Wherever they live, aging residents indicate that what they want from their homes and communities is the flexibility to accommodate a range of physical abilities and growing old needs -- along with other amenities, including accessibility to services, transportation and wired houses.
From Sun City to San Marcos
Area developers are chasing the 55-and-older crowd, albeit on a smaller scale than national homebuilders like giant Pulte Homes, which in 2001 acquired Del Webb, creator of the first Sun City retirement community in Arizona in the 1960s.
"That model with 3,000 to 4,000 living units doesn't work any more," explained Dennehy. "Those huge developments with tons of community and recreational facilities are too expensive to maintain and there's not enough land in desirable Sun Belt locations to build them anymore."
More importantly, he said boomers have an entirely differently mentality than their retiring parents. "Today's 55-plus segment wants to downshift but not necessarily to be shipped out to the outskirts of town into a seniors-only community."
Not everybody wants to live in a massive age-restricted community such as Sun City nor can everyone afford an upscale condominium in downtown San Diego like Robbins.
Two new senior housing developments designed by Case Group Architects of Solana Beach and recently completed in San Marcos are adding hundreds of units and "helping to provide much needed housing for the area's aging population."
"There's a growing demand for quality senior housing for local residents, who for various reasons outgrow their homes but want to stay within the community," said Graham Haines, Case Group senior association. "As more and more people reach an age where a change in lifestyle is required or desired, there needs to be a variety of living options."
Two of his firm's newest projects -- Rancho Santa Fe Village and Woodland Village -- meet this North County city's need for both affordable and market rate housing for graying boomers.
"As folks enter their golden years, we are finding that they want to remain active members of their home town and spend quality time with their children, grandchildren, friends and loved ones," said Haines. "These two developments fulfill those wishes and will provide quality residences with the latest conveniences and amenities designed specifically for seniors for years to come."
Along south Rancho Santa Fe Road across for a large city park and recreation center, a mixed-use senior apartment community for residents 55 years and older quickly filled up. According to the project's developer, Marc Gelman of Enhanced Affordable Development, the three-story residential towers are nearly all occupied and the 11,800 square feet of frontage retail space (including a grocery-deli, sandwich shop, cleaner and nail salon) is fully leased.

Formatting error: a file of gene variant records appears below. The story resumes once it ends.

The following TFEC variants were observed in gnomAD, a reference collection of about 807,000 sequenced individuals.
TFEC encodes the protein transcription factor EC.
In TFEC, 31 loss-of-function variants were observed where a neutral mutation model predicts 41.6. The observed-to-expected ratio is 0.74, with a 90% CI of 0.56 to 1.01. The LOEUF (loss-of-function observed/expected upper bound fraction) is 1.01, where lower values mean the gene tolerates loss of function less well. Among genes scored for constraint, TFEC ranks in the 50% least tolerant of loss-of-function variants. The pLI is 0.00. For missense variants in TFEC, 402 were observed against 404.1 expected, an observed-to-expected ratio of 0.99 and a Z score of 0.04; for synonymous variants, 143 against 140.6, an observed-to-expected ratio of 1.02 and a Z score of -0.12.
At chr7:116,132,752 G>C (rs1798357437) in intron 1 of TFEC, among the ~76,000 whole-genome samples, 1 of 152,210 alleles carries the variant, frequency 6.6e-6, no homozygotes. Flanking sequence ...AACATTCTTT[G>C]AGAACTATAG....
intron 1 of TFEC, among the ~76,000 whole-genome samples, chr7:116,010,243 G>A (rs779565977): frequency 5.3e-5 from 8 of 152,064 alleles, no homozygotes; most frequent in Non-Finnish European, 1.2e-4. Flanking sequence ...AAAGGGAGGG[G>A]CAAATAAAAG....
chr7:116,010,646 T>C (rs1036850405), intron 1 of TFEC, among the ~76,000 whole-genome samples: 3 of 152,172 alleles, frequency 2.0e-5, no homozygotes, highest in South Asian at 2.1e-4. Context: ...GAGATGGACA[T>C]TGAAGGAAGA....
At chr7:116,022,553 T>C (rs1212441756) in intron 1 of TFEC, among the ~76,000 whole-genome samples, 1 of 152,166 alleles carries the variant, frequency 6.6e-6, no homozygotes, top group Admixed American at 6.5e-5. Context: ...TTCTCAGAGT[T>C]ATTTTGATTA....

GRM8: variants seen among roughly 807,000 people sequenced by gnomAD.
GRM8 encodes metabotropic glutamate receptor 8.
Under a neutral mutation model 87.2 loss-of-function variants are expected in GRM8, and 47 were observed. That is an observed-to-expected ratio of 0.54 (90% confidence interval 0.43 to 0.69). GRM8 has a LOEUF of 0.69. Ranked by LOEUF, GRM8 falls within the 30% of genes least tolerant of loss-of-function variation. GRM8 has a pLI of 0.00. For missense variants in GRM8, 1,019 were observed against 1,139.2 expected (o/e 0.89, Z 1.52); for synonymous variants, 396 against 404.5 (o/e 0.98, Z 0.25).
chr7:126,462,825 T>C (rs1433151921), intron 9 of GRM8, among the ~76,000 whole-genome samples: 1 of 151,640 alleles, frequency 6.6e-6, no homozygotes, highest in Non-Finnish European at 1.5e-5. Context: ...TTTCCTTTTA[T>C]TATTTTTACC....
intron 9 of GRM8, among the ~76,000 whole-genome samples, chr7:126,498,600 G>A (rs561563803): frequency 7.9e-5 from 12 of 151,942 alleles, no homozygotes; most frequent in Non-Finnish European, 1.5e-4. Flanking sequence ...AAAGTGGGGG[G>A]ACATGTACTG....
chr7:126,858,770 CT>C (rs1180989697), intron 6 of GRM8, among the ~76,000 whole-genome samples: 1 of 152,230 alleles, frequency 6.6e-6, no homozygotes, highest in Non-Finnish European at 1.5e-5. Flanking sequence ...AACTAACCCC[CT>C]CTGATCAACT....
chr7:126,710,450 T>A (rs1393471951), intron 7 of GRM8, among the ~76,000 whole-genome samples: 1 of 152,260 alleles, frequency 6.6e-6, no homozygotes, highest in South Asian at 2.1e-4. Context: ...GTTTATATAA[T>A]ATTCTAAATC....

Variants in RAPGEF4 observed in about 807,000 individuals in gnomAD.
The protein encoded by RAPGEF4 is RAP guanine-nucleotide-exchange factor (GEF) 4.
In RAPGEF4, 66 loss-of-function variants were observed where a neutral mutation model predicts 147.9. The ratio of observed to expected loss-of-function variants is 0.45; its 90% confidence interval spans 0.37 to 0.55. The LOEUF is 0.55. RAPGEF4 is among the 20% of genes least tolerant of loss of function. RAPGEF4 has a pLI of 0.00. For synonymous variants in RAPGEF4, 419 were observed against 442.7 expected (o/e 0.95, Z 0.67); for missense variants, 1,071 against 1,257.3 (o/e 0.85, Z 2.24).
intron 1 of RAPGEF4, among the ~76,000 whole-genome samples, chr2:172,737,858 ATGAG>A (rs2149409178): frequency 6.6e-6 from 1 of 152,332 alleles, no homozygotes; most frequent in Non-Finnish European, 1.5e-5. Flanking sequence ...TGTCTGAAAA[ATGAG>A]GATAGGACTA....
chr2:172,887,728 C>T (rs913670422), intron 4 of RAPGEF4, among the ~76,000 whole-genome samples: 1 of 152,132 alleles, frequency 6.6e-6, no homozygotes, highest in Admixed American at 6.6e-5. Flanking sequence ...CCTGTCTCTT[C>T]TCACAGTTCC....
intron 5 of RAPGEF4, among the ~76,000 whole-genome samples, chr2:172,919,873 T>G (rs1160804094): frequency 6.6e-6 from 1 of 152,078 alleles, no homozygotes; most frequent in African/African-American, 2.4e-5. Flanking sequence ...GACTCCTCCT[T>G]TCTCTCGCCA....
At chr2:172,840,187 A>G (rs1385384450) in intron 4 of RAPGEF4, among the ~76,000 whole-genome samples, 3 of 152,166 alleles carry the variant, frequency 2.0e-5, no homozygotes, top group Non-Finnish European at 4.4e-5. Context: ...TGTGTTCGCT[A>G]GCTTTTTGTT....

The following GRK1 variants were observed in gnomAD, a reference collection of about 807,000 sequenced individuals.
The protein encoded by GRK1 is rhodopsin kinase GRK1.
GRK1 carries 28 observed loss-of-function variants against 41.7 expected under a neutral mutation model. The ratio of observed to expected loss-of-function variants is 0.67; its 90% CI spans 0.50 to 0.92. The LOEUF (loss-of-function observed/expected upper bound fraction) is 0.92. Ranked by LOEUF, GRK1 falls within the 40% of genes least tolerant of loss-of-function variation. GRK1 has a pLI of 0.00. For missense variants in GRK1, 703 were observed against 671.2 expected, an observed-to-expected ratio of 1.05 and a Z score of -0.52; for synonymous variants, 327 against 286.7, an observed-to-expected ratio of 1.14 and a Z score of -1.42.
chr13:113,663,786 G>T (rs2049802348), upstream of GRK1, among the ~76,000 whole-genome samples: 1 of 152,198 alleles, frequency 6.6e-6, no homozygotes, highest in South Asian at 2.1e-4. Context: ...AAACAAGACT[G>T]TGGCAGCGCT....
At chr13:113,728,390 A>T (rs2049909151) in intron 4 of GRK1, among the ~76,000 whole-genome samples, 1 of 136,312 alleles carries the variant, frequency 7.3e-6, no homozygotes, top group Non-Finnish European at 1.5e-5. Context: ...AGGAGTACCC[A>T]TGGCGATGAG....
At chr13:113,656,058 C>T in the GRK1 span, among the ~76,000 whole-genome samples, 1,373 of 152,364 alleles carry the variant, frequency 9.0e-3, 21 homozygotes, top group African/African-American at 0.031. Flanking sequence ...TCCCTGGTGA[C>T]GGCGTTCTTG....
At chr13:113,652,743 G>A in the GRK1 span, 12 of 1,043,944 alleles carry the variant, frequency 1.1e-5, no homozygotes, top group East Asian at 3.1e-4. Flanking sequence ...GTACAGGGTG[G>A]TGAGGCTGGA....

Detached on the first level from the commercial/retail, but just steps away are the three levels of attached residential buildings situated in a U-shape around a swimming pool and clubhouse area. Having covered corridors and secured continuous floors is essential for convenience and peace of mind of residents, explained Todd Brazzon, senior associate at the award-winning Case Group Architects.
Just across town from the affordable units, construction was recently completed on another Case Group designed senior housing project. Called Woodland Village, this community offers 204 market-rate rental units by HPC Properties and Comfort Construction.
Woodland Village, a smoke-free community, features resort-style living with oversized pool and spas, salon, massage and fitness rooms, billiards room, library, cinema, dance floor, cocktail lounge, bridge and poker rooms and scheduled day trips in a relaxed and secured environments.
Adjacent to Woodland Village is Woodland Crossing, a retail space with 10,800 square feet of leasable area housed in three buildings that ultimately will include a drug store, grocery store, coffee shop, food outlets and service shops.
"The challenge for planners, designers and builders is to create livable neighborhoods, with appropriate and affordable housing, adequate options for mobility and the community features and services that can facilitate personal independence and continued engagement in civic and social life," noted Brazzon.
Esterbrooks is a media specialist for Scribe Communications.